She keeps Jail Industries’ plants alive in the pandemic

A lot of people humanize their pets, but horticulturist Colleen Wheeler takes the interdependent connection to new levels. She unapologetically anthropomorphizes her plants.

Consider Sunchocola, a sensuous cherry tomato with a smokey flavor.

“If Sungold grew up and got class and threw dinner parties,” is how she describes the irresistible juicy tomato she never fails to grow season after season.

That’s not to say Sungold, everybody’s favorite pop-it-in-your-mouth garden candy, hasn’t also captured her tastes and a permanent spot in her summer garden, even if it doesn’t have the ravishing orange and “tawny shoulders ” of Sunchocola.

“It falls into that group of tomatoes you could pretty much put in a blender and pour it out in a dark closet and you could still somehow manage to get fruit off of it,” she said. “It will take abuse like nobody else. “

Wheeler has firm and colorful opinions about her plants and has no tolerance for anything that rates only a “meh” on the taste meter. So if you visit the Nursery at Jail Industries — they’re holding their first open house and plant sale Saturday, March 19 — expect the best.

“Every year I go and talk to my plant-nerd friends, and there’s lot of us. I hear about what they’re growing,” said Wheeler, who for 18 months has been heading up the nursery located at the North County Detention Facility , an annex of the Sonoma County Jail that has been emptied during the pandemic.

“Sometimes it’s something as silly as a name that ticks me. I usually buy five to six new varieties I’ve never tried before. I’ll bring them home and try them myself and make sure they’re something that does well.”

She also tries to stay in touch with some of the customers who take certain plants home. Wheeler is assessing more than taste — she wants to know which varieties are thriving, or not thriving, and where, in a county with so many microclimates. This is her market research.

“I’m making sure I’m asking a lot of questions of the people who have grown them. If they’re in a fog-belt area, I want to know how it does. Or if they’re in a really hot area,” she said. “There’s a lot of, let’s say, market research, bringing the customer into the trial process. Last year I brought in a variety that just sounded fantastic. It had a fun name. But it tasted like garbage water . So I’m not bringing it in this year.”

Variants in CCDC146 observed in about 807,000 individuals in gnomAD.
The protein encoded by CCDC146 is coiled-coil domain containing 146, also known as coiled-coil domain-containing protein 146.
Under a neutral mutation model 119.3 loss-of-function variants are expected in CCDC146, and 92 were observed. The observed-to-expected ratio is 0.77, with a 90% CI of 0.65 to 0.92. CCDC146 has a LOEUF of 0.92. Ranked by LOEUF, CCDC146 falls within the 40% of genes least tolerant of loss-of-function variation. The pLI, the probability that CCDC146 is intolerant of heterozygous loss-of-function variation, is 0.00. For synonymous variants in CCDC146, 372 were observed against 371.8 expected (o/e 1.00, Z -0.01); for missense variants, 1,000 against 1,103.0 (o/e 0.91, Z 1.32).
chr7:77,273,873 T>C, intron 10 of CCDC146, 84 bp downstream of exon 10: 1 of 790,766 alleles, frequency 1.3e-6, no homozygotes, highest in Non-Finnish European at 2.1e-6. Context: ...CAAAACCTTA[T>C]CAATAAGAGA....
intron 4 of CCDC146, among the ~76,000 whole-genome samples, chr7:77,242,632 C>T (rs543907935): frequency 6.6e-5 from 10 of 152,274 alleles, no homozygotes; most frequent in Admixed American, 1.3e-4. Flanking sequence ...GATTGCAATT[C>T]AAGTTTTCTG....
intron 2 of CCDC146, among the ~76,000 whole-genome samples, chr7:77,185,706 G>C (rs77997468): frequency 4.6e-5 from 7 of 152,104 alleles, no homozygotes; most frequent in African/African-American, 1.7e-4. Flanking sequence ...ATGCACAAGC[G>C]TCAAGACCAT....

“Garbage water” is a term she throws out frequently to dismiss flavorless tomatoes that promise more in their appearance than they deliver in taste.

“I like feeling successful in the garden, and I feel like tomatoes are an excellent gateway. … (C)lose to 85% of people who do home veggie gardens have tomatoes.” she said. “So they’re terribly popular . They’re fun to see out in the garden. Before they even get in the kitchen, they’re this lovely eyeful. I really like having the colorful and striped ones, only if they can also bring the flavor.”

With some 6,000 varieties of tomatoes in the world, Wheeler is forced to be picky. She winnows her selection for sale down to 50 by selecting varieties that are not only flavorful, but are early-fruiting, long-fruiting or disease-resistant.

She loves varieties that are no-fail, so even newbie gardeners or busy people who benignly neglect their gardens can experience success. Everything she grows is held to a high performance standard for Sonoma County gardens.

Keeping the garden going

Since the pandemic began, Wheeler has run the nursery alone, doing almost everything herself to keep it going until low-risk inmates can return.

“I’m a lone wolf,” she admitted with a grin. But she acknowledged getting essential help from the Sonoma County Master Gardeners and support from the sheriff’s department and Five Keys Schools & Programs, for whom she works.

The county contracts with Five Keys to operate a high school program in the main jail, as well as to oversee Jail Industries, a vocational program that for years was under the Sonoma County Office of Education. When the longtime instructor retired and it became difficult to find a replacement, the Sonoma County Sheriff’s Office put the program out to bid and awarded it to Five Keys, which provides educational and employment help and community support programs for underserved communities, including at 25 jails.

For some 30 years, the nursery at Jail Industries has served as a vocational program for low-risk inmates at the North County Detention Facility. But after the bail requirement for low-risk people was ended to reduce crowding during the pandemic two years ago, the nursery was closed and remains closed indefinitely, said Sgt. Brian Gallaway, inmate services coordinator.

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